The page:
If you want to become stronger and develop more muscle mass, you need to lift weights. The added resistance of weights forces your muscles to work overtime, allowing for bigger gains. But any form of resistance training can cause joint pain, and weightlifting is no exception. Thankfully, there are steps to protect against joint pain when lifting weights.
Allow 48 Hours to Rest and Recover
Lifting weights seven days a week limits your gains and increases your risk of injury. If you lift every day without giving your body time to recover, you may experience joint inflammation and related pain.
As explained by Bodybuilding.com, you should rest for at least 48 hours after working out. In other words, if you lift weights on Tuesday, you should wait until Thursday before lifting again. The 48- hour period allows your body to repair the microstructure-sized damage to your muscles, reducing the risk of injury the next time you lift.
Don’t Twist Your Wrists
Inexperienced bodybuilders often make the mistake of twisting their wrists when lifting weights. If you grip a weighted barbell to perform bicep curls, you may instinctively twist your wrists; thus, causing pain and tenderness. If this sounds familiar, consider using the EZ curl bar instead of a barbell.
According to HealthGuidance, performing bicep curls with a barbell forces the wrist to twist unnaturally, increasing the risk of injury. Developed by Lewis G. Dymeck, the EZ bar solves this problem by featuring a zig-zag shape to create a more natural grip.
Whether you are lifting a barbell, EZ bar, dumbbells, kettlebells, etc., be conscious of your wrist movements. You should keep your wrist as straight as possible without bending them forwards or backwards during reps.
Stretch Before Working Out
Try to get into the habit of stretching for at least five minutes before working out. Stretching places your muscles and joints through motion while encouraging blood flow and flexibility.
LiveStrong offers some helpful advice on pre-workout stretching, such as placing your arms by your sides and then swinging them in front of your body for 15 reps. The health and fitness- oriented site also recommends placing your arms on your hips and twisting clockwise for 20 reps and then counterclockwise for another 20 reps. The general idea is to warm up your muscles and supporting structures so they are less susceptible to injury.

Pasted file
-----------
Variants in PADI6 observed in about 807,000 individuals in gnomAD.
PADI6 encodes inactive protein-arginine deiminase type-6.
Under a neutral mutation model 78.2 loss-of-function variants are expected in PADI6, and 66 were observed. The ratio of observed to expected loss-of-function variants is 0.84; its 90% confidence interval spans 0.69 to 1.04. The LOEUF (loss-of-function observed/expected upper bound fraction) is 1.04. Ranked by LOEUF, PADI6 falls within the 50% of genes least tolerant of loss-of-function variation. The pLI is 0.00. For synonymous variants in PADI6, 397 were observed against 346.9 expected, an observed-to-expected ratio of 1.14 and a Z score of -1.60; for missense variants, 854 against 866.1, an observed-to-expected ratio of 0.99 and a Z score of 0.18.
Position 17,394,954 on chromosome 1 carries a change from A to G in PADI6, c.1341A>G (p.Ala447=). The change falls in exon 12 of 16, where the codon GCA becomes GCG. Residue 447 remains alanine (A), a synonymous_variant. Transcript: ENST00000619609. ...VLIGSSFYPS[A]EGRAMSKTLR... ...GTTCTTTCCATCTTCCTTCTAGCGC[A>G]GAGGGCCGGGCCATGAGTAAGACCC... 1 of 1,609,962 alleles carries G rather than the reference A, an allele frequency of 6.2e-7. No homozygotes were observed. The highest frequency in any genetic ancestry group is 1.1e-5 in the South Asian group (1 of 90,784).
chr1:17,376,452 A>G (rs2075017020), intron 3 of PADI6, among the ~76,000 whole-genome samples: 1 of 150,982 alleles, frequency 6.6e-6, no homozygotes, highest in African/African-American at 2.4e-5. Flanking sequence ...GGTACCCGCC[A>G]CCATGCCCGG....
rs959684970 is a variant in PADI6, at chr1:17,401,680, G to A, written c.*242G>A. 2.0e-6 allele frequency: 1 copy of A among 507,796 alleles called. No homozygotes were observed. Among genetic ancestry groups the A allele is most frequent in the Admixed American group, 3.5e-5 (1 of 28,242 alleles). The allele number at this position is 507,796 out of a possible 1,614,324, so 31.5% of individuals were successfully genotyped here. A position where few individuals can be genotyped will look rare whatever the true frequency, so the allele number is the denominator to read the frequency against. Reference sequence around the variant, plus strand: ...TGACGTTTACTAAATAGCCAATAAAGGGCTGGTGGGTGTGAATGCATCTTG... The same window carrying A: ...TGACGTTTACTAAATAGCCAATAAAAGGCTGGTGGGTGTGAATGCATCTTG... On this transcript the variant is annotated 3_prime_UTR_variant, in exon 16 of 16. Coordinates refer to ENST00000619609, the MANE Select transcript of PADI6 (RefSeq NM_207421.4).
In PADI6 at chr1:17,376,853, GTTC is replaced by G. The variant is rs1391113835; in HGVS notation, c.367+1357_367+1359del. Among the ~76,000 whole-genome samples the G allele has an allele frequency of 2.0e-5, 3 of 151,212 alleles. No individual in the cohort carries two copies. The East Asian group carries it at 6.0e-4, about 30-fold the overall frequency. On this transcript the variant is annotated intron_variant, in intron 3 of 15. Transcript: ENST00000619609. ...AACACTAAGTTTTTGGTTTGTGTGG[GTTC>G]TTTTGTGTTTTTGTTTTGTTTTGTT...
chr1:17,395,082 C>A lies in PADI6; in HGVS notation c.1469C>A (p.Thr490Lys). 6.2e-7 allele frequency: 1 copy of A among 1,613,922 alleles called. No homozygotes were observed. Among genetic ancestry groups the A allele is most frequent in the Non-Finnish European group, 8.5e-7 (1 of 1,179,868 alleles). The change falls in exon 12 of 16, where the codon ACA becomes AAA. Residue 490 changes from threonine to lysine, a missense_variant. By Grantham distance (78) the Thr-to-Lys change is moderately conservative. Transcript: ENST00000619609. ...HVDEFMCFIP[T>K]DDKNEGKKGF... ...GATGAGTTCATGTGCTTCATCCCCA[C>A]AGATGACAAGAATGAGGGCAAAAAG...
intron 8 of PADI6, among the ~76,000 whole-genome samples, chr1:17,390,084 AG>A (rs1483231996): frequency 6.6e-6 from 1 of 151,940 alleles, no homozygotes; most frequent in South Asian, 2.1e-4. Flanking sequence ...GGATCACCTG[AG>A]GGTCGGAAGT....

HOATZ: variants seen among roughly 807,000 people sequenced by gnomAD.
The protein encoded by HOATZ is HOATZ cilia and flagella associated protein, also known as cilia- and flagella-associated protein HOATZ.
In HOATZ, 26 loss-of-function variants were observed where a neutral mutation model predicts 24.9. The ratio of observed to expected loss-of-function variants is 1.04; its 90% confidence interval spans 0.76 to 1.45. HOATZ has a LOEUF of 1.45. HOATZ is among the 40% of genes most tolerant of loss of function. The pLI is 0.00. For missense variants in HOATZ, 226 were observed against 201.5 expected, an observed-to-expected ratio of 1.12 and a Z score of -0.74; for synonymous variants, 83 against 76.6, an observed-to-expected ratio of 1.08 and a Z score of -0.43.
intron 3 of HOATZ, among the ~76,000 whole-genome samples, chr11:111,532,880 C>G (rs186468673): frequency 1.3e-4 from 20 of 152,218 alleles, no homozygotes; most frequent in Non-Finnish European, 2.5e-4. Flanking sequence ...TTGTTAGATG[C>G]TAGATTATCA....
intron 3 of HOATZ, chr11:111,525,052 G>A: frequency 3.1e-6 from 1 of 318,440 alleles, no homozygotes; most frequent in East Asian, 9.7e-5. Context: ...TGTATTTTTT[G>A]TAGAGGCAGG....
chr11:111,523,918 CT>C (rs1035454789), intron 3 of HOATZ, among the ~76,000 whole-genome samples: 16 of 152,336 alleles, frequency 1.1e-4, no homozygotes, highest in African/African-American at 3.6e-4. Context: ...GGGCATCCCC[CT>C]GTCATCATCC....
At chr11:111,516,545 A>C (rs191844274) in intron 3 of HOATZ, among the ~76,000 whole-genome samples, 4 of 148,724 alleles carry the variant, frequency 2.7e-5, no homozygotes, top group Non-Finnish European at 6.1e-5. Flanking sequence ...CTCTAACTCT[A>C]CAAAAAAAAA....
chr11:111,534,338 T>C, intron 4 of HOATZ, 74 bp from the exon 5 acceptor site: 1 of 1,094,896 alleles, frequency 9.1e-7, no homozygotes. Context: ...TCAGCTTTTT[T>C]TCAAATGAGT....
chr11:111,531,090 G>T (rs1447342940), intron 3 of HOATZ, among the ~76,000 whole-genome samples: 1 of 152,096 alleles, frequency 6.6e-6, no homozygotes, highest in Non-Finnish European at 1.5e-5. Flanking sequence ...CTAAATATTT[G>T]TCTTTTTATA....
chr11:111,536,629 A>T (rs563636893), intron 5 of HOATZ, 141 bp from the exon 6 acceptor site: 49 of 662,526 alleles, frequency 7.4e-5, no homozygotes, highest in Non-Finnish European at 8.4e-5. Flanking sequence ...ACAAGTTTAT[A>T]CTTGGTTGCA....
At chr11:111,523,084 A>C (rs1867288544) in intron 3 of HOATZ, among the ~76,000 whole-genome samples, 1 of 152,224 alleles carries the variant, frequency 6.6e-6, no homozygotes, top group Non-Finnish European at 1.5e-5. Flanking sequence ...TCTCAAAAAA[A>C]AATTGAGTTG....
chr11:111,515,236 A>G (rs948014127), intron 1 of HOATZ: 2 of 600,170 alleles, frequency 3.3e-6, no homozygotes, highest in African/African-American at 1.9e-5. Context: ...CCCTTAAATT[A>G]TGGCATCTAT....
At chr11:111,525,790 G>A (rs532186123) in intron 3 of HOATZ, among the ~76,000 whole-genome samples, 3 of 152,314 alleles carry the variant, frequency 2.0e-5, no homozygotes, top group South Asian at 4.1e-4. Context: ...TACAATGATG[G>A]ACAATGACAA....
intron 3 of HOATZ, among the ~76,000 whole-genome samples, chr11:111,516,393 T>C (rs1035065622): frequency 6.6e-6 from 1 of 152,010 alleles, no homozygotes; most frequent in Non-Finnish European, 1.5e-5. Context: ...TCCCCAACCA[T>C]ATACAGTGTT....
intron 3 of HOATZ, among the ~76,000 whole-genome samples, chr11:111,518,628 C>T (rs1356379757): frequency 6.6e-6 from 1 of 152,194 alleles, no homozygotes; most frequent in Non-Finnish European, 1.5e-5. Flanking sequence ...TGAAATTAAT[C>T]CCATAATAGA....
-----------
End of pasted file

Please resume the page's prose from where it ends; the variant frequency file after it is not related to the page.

Some fitness experts also recommend stretching after a workout. This is because lactic acid accumulates in your muscles when you lift weights. Stretching, however, improves blood circulation to flush some of this excess acid from your system.
There are also certain supplements you can take to protect against joint pain, two of which are glucosamine and chondroitin. These two substances are actually found naturally in cartilage. When taking as a supplement, however, glucosamine and chondroitin reduces joint inflammation while lowering the risk of osteoporosis.
Additionally, a fatty acid supplement can protect your joints from inflammation and pain — but only if it’s an omega 3 supplement. There are two primary types of omega fatty acids: omega 3 and omega 6, the former of which increases inflammation, while the latter decreases inflammation. Therefore, it’s recommended that you take an omega 3 supplement to reduce inflammation in your joints.
More Reps, Less Weight
Many bodybuilders who struggle with joint pain often perform single-rep lifts in an attempt to set a new personal record. Conventional wisdom should tell you that lifting heavier weights translates into bigger gains. At the same time, however, it also increases your risk of injury.
Skip the single-rep personal record lifts. Instead, try performing more reps with less weight in a set. Many fitness experts recommend eight to 12 reps per set to build muscle. So, find a weight that allows you to perform between eight and 12 reps, and stick with that weight until you are comfortable moving up.
Tips to Manage Joint Paint
The methods listed above will reduce your risk of developing joint pain when lifting weights. However, you can also manage existing joint pain by making a few changes to your lifestyle. First, make sure you are getting enough sleep. If you aren’t sleeping for at least seven hours a night, your body won’t have the opportunity to heal and repair damaged tissue.
If you aren’t drinking enough water, your joints won’t have the proper lubrication necessary for rotating. Therefore, you should drink plenty of water when exercising to protect your joints from injury. A helpful tip to protect against dehydration is to snack on fresh fruit. Since it contains up to 87 percent water by volume, fruit is an excellent source of hydration.
Massage therapy may also help to alleviate joint pain. It releases muscle knots, flushes the lymphatic symptom and promotes blood flow, all of which can have a positive impact on your joint health.